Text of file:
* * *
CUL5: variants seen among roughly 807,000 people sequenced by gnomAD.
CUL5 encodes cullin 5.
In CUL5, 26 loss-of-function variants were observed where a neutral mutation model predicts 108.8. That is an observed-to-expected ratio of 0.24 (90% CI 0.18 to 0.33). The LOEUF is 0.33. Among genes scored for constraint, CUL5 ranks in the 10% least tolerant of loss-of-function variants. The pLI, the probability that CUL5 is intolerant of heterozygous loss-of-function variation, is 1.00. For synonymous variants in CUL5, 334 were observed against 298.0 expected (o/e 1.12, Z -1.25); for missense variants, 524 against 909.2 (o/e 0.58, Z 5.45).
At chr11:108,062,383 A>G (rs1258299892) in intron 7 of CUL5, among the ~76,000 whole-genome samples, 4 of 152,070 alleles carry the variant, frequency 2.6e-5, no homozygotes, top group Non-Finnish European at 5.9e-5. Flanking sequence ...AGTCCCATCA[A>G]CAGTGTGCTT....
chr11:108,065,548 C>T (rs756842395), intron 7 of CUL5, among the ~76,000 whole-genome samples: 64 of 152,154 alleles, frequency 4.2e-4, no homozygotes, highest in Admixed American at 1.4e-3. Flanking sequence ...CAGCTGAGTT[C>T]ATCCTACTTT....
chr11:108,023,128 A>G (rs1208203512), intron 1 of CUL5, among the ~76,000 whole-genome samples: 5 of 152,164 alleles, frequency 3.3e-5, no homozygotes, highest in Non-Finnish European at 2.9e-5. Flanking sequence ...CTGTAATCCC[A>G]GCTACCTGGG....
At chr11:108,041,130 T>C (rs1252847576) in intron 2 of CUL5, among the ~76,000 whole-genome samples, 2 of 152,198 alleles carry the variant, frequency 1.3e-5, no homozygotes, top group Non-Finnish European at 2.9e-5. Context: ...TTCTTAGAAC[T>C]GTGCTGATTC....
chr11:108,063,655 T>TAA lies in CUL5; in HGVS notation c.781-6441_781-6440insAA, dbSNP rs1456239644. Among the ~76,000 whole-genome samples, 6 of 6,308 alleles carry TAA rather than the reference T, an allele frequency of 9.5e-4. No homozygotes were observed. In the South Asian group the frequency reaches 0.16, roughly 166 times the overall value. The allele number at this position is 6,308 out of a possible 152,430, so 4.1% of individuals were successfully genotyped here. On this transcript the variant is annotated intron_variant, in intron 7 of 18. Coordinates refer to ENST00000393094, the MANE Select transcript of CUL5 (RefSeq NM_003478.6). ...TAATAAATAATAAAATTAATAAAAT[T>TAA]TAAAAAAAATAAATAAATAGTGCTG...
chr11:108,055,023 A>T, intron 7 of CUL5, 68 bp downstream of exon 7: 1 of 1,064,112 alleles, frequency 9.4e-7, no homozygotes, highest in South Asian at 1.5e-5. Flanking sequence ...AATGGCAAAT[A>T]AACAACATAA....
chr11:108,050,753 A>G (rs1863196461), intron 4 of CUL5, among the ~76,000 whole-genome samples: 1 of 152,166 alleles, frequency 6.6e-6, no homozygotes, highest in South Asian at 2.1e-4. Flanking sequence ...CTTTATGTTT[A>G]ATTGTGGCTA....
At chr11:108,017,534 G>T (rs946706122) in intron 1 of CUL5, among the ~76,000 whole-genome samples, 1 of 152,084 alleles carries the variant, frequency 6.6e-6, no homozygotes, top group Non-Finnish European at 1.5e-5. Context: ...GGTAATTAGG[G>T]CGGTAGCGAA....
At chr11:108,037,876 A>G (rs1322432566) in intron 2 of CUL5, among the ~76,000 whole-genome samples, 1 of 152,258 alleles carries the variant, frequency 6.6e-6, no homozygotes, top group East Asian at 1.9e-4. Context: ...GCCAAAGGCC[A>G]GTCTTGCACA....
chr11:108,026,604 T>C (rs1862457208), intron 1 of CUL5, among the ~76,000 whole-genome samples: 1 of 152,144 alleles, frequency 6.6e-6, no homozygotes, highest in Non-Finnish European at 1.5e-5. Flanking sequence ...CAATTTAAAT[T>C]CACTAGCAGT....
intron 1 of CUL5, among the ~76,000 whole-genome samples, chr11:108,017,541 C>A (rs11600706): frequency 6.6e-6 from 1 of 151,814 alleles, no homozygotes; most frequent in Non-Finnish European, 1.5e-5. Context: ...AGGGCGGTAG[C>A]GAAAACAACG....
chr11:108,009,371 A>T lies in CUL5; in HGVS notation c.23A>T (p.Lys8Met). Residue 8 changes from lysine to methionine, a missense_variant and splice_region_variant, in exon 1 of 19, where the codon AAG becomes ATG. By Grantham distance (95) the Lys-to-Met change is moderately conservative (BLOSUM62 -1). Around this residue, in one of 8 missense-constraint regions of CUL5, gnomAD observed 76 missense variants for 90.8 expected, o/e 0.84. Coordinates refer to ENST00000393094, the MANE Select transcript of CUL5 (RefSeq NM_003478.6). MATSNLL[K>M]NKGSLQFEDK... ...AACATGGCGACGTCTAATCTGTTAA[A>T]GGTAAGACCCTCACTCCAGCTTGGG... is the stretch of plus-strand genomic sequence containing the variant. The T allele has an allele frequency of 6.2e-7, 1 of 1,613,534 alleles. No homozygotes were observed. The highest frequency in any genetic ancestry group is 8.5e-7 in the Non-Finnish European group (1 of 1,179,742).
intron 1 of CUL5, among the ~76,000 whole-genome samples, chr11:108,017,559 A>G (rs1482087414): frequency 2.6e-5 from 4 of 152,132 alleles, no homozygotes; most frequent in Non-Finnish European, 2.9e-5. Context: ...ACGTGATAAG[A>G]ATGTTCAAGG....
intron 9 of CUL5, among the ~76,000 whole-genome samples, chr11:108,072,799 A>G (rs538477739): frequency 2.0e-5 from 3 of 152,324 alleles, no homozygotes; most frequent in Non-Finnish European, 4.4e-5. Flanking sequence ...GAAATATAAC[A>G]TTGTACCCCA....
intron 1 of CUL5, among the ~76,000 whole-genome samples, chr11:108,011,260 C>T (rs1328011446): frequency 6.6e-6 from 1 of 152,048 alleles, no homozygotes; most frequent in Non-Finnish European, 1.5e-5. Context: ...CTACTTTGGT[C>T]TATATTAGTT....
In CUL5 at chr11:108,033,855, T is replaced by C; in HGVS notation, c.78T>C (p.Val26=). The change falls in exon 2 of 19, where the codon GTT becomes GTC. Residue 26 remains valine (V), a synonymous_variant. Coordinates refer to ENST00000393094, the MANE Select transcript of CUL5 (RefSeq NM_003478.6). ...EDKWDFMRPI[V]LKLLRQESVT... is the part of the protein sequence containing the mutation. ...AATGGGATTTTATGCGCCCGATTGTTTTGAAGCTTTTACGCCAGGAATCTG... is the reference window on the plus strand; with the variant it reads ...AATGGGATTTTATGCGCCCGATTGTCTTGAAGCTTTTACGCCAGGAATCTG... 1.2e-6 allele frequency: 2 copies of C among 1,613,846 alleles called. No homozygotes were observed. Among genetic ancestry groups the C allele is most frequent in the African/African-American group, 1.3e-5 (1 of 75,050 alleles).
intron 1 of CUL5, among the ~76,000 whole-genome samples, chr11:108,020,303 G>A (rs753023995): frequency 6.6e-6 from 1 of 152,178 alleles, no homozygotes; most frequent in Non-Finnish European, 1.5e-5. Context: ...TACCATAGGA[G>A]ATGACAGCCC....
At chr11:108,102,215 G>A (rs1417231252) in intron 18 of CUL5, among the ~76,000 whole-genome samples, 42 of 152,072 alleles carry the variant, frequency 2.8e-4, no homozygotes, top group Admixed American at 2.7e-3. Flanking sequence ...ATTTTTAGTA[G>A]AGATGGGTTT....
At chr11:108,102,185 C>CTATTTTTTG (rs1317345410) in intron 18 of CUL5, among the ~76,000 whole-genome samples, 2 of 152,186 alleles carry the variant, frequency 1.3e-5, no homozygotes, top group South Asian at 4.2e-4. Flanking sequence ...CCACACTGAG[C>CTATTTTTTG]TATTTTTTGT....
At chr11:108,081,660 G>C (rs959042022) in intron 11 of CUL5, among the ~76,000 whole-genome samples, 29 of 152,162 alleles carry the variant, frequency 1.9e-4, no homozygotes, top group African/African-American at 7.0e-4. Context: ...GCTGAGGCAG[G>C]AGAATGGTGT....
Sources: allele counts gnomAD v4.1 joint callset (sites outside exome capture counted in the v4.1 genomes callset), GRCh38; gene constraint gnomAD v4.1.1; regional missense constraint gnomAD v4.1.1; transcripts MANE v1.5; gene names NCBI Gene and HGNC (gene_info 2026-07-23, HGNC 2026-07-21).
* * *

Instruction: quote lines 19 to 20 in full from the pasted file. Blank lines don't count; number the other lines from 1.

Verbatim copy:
In CUL5 at chr11:108,033,855, T is replaced by C; in HGVS notation, c.78T>C (p.Val26=). The change falls in exon 2 of 19, where the codon GTT becomes GTC. Residue 26 remains valine (V), a synonymous_variant. Coordinates refer to ENST00000393094, the MANE Select transcript of CUL5 (RefSeq NM_003478.6). ...EDKWDFMRPI[V]LKLLRQESVT... is the part of the protein sequence containing the mutation. ...AATGGGATTTTATGCGCCCGATTGTTTTGAAGCTTTTACGCCAGGAATCTG... is the reference window on the plus strand; with the variant it reads ...AATGGGATTTTATGCGCCCGATTGTCTTGAAGCTTTTACGCCAGGAATCTG... 1.2e-6 allele frequency: 2 copies of C among 1,613,846 alleles called. No homozygotes were observed. Among genetic ancestry groups the C allele is most frequent in the African/African-American group, 1.3e-5 (1 of 75,050 alleles).
intron 1 of CUL5, among the ~76,000 whole-genome samples, chr11:108,020,303 G>A (rs753023995): frequency 6.6e-6 from 1 of 152,178 alleles, no homozygotes; most frequent in Non-Finnish European, 1.5e-5. Context: ...TACCATAGGA[G>A]ATGACAGCCC....